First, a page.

Pay in Europe in Different Wage-Bargaining Regimes
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[Excerpt] As in all market economies, wage bargaining in the European Union Member States is fundamental to enabling labour as a factor of production to obtain its fair share of the production output (and thereby participate in prosperity) and to securing a high level of employment in the economy (thereby supporting aggregate demand and contributing to social inclusion). In the EU, around two-thirds of workers are covered by some form of collective agreement, which demonstrates the importance of wage bargaining to macroeconomic outcomes in the European social model. This report provides a quantitative analysis of how the features of national wage-bargaining regimes affect pay outcomes. The analysis builds on the theoretical propositions that both highly centralised and highly decentralised regimes align wages and productivity, ensuring a high level of employment, and that a high degree of coordination of wage bargaining can moderate wage increases, leading to macroeconomic stability.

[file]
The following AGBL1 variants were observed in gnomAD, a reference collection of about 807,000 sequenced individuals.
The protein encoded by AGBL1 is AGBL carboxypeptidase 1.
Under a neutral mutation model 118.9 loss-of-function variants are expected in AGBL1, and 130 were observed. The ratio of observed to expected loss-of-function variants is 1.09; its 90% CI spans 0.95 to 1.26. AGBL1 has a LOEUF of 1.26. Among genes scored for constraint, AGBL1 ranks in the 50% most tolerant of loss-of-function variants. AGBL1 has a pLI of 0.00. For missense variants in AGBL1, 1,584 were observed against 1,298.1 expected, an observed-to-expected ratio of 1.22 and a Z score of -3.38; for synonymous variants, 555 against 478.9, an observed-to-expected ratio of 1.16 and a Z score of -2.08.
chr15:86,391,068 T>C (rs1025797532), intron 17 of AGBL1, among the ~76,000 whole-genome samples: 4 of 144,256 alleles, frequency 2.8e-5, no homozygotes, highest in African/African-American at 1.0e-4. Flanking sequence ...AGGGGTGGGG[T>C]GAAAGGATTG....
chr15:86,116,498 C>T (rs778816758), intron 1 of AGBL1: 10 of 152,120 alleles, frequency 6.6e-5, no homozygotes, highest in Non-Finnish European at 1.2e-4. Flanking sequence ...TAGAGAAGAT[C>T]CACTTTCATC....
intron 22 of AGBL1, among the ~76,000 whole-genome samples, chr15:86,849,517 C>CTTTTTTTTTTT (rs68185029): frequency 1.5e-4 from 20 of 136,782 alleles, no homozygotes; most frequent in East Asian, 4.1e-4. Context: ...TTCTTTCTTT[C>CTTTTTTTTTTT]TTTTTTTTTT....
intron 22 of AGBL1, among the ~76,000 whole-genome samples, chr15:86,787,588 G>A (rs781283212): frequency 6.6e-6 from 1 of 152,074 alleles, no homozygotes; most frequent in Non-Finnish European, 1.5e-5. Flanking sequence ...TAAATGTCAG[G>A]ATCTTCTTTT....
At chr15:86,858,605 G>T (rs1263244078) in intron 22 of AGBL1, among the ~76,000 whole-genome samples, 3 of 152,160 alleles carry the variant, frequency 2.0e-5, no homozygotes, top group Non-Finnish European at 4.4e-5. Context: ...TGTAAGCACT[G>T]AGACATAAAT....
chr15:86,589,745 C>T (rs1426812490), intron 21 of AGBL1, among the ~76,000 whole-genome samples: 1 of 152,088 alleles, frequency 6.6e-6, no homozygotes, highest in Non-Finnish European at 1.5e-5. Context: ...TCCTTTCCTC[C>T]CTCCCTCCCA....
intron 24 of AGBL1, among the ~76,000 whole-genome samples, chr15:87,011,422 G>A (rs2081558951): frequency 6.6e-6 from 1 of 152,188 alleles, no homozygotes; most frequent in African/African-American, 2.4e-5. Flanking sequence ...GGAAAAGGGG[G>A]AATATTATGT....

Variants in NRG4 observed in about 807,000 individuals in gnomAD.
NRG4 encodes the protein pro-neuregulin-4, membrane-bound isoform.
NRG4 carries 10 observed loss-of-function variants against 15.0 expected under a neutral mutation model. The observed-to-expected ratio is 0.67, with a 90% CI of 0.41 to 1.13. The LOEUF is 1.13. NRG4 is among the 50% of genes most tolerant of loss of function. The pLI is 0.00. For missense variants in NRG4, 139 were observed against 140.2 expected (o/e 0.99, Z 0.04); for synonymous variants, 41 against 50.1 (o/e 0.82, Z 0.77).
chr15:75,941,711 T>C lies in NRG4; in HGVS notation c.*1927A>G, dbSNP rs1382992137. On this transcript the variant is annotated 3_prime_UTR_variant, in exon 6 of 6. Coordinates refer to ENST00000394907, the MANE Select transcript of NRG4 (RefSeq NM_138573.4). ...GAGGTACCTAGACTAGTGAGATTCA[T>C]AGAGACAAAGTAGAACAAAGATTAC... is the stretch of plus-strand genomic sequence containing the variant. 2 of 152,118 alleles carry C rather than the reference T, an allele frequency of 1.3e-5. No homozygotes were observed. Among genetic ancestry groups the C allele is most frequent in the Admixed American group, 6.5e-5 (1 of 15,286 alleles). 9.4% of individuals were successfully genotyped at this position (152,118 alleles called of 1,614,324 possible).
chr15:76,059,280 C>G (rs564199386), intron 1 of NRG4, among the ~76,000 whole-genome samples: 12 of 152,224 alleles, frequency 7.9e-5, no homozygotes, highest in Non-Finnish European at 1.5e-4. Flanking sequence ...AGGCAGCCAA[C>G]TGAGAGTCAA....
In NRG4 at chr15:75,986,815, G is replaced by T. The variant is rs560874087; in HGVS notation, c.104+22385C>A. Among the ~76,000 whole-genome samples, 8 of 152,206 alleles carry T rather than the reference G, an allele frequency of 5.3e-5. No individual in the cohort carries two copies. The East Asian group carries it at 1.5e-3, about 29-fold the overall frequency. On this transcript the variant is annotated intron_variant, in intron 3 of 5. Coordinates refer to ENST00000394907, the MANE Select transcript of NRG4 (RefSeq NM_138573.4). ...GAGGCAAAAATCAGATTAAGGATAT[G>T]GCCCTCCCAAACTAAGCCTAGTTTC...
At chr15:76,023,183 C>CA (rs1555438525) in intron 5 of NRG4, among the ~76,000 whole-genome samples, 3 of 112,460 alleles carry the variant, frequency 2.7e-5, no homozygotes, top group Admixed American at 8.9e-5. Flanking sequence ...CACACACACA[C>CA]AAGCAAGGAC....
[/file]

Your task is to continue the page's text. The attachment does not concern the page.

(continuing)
Europe; wage bargaining; pay outcomes; employment; productivity